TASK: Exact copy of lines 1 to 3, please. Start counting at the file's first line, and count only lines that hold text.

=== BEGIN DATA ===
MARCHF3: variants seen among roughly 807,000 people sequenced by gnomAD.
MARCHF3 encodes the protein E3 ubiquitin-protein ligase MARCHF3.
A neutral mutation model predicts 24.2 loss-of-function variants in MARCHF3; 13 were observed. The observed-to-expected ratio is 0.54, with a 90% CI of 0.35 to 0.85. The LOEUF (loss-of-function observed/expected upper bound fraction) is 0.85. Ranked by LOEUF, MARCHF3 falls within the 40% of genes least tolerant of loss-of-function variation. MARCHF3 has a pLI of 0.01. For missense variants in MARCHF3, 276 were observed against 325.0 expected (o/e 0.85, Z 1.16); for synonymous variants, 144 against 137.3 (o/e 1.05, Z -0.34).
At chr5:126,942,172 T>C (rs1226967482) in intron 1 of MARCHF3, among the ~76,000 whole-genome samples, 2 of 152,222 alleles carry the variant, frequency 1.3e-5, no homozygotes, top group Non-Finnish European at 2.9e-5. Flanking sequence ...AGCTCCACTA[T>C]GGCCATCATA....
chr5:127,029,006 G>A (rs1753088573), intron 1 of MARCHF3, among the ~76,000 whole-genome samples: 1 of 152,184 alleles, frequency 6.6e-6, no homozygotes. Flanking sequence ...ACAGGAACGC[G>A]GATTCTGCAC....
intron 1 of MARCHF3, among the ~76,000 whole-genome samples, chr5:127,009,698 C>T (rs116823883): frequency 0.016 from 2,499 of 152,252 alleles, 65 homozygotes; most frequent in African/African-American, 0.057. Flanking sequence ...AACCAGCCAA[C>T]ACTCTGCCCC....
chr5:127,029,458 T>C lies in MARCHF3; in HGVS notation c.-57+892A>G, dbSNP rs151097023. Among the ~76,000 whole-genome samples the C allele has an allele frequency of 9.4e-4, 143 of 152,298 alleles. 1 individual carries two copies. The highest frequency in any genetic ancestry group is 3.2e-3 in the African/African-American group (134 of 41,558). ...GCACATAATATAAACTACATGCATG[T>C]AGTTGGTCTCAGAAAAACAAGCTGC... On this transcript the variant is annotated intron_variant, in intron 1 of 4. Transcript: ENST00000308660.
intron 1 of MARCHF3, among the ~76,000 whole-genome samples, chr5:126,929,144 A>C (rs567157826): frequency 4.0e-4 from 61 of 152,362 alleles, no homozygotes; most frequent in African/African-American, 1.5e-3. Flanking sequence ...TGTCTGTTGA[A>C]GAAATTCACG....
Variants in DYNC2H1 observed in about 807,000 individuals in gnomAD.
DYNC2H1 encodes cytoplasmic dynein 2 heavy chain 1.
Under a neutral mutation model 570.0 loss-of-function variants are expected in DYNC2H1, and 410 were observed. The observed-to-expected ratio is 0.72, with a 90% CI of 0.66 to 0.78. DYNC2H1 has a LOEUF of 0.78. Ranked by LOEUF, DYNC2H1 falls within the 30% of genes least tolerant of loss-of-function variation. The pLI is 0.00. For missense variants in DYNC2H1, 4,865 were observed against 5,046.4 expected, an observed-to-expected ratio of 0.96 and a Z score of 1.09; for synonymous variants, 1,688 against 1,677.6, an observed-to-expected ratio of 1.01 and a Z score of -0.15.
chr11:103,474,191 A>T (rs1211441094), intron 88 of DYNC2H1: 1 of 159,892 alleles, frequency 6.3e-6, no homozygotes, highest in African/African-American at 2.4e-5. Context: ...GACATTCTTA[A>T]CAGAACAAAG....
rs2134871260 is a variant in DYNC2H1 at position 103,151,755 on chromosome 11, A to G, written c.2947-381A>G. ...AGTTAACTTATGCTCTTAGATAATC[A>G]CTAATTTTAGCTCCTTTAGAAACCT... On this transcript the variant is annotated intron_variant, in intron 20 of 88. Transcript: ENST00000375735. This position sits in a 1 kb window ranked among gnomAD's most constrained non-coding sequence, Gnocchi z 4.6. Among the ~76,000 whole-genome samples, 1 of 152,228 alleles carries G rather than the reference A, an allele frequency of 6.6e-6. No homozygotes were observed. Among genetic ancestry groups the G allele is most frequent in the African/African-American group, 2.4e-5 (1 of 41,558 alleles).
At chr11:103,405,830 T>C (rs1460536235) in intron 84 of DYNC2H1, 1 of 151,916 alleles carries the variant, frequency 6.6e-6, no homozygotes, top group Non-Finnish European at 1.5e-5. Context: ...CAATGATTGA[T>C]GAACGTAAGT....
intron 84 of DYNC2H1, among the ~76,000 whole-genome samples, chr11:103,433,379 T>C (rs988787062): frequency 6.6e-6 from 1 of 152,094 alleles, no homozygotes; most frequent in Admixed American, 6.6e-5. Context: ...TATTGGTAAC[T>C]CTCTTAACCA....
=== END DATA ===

MARCHF3: variants seen among roughly 807,000 people sequenced by gnomAD.
MARCHF3 encodes the protein E3 ubiquitin-protein ligase MARCHF3.
A neutral mutation model predicts 24.2 loss-of-function variants in MARCHF3; 13 were observed. The observed-to-expected ratio is 0.54, with a 90% CI of 0.35 to 0.85. The LOEUF (loss-of-function observed/expected upper bound fraction) is 0.85. Ranked by LOEUF, MARCHF3 falls within the 40% of genes least tolerant of loss-of-function variation. MARCHF3 has a pLI of 0.01. For missense variants in MARCHF3, 276 were observed against 325.0 expected (o/e 0.85, Z 1.16); for synonymous variants, 144 against 137.3 (o/e 1.05, Z -0.34).